from mad cow to mad fish. It is not the disease by another name; instead it is a "brand new disease' according to Donald Low, head of the department of microbiology at Mount Sinai and Princess Margret hospitals in Ottawa. This is passed on to the humans from the fish and the instigator is the Streptococcus iniae bacterium.
Previously thought to infect only fish, the bacterium has been detected in humans too. While it leads to the bulging out of eyes in the fish, and erratic swimming before they finally die, it causes rapid inflammation of the human skin. Out of the seven persons currently infected with the disease, one has also developed meningitis although the link is not clear.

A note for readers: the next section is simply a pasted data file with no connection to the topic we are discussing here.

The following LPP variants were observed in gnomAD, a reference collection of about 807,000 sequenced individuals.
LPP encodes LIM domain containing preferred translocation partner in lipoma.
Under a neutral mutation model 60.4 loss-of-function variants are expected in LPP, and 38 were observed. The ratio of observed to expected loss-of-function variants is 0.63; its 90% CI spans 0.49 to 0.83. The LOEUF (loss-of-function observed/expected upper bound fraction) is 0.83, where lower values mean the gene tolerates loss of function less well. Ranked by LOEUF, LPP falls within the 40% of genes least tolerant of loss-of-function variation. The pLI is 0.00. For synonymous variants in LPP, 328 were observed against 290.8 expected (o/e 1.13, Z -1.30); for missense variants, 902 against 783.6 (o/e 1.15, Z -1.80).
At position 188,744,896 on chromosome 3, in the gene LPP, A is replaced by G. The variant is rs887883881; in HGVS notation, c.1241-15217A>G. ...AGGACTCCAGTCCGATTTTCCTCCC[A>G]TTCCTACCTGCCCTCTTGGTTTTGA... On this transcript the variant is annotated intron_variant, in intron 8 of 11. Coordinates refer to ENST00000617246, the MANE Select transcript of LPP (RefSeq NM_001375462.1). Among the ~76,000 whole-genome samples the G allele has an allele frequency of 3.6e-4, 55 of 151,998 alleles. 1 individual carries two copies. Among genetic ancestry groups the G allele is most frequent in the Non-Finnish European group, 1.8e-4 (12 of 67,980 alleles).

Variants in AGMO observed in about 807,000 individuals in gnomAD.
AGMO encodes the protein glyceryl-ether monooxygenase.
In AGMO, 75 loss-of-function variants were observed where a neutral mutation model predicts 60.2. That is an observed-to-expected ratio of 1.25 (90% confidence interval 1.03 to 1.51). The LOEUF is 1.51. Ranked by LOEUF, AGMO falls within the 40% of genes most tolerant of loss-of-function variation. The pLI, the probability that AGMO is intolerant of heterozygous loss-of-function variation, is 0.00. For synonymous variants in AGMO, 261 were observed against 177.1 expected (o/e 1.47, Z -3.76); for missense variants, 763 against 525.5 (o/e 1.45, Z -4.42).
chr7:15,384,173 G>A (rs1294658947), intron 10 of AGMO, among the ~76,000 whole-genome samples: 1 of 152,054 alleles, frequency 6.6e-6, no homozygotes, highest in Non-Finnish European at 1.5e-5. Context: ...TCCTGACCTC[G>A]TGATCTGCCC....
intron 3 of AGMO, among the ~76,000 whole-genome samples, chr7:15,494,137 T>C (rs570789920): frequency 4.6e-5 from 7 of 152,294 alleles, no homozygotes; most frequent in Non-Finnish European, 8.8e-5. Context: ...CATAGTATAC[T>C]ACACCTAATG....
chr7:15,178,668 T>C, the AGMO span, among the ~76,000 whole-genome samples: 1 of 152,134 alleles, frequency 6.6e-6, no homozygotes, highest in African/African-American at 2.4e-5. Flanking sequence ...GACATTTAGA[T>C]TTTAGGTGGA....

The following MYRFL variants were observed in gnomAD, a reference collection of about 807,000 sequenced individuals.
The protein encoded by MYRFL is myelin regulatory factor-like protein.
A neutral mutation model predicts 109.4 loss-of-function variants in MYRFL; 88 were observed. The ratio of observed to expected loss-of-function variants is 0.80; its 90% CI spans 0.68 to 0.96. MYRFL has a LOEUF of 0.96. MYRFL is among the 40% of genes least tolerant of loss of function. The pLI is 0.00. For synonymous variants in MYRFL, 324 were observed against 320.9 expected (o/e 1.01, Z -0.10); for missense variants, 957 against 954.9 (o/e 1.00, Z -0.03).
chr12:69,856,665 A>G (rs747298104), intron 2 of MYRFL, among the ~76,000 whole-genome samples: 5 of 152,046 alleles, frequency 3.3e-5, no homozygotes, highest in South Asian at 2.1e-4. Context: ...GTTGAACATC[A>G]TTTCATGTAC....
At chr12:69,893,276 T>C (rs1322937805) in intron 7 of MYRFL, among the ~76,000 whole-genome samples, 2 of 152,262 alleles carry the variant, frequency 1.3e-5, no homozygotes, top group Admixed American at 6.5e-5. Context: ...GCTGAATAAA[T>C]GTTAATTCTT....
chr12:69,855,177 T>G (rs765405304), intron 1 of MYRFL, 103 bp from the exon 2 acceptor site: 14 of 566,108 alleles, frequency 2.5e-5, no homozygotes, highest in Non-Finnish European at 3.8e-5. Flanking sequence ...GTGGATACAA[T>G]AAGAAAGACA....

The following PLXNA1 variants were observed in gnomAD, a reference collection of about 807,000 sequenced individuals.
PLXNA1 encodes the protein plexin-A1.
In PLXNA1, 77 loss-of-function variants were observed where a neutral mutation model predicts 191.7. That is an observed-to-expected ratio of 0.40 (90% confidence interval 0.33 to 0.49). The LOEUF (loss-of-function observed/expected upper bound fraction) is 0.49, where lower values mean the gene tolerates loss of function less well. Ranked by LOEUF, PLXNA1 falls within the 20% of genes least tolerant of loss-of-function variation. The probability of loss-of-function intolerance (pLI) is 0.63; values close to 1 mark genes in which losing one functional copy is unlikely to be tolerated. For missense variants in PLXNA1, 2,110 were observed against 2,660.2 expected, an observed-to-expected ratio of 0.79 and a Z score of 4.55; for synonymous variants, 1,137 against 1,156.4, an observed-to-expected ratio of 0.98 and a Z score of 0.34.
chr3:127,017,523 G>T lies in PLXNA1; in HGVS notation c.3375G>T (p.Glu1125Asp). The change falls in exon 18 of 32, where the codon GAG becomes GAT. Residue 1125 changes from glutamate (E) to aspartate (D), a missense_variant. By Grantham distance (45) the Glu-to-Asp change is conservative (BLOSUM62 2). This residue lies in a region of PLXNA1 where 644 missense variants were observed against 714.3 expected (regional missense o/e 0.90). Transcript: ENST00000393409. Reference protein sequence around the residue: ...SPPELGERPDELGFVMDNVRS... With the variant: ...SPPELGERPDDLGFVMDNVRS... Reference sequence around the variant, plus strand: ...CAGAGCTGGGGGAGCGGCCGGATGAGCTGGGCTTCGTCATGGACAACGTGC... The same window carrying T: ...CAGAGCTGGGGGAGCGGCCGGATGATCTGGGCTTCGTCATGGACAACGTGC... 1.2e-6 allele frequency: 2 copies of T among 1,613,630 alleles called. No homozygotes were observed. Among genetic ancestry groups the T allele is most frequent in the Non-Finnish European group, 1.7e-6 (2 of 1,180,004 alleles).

Doctors believe that the infection mainly occurred through the handling of the whole fish during the cleaning process, and advise wearing of gloves when doing the same. However, it was not possible to catch the disease by eating it. "Most of the people who were infected with the disease had caught the bug while cleaning tilapia, a fresh water fish usually sold whole', said Phillis Wyper, infection control officer at the Scarborough Grace Hospital.
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